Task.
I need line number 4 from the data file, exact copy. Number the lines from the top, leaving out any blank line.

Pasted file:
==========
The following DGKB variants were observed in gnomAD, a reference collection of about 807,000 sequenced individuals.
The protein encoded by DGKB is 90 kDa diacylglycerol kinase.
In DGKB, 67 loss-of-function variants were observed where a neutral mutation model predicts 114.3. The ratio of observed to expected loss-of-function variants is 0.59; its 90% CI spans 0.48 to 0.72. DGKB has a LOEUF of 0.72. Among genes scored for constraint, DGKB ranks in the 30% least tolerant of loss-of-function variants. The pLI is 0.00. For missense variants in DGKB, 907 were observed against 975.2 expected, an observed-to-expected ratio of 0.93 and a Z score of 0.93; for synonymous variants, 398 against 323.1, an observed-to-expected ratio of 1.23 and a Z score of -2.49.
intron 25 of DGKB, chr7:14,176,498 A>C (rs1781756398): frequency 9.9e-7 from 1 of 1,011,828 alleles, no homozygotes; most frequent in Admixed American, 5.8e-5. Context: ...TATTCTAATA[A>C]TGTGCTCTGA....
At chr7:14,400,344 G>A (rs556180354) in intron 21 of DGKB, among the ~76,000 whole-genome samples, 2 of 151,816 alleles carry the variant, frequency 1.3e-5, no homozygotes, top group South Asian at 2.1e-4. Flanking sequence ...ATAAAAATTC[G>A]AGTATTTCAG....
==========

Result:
intron 25 of DGKB, chr7:14,176,498 A>C (rs1781756398): frequency 9.9e-7 from 1 of 1,011,828 alleles, no homozygotes; most frequent in Admixed American, 5.8e-5. Context: ...TATTCTAATA[A>C]TGTGCTCTGA....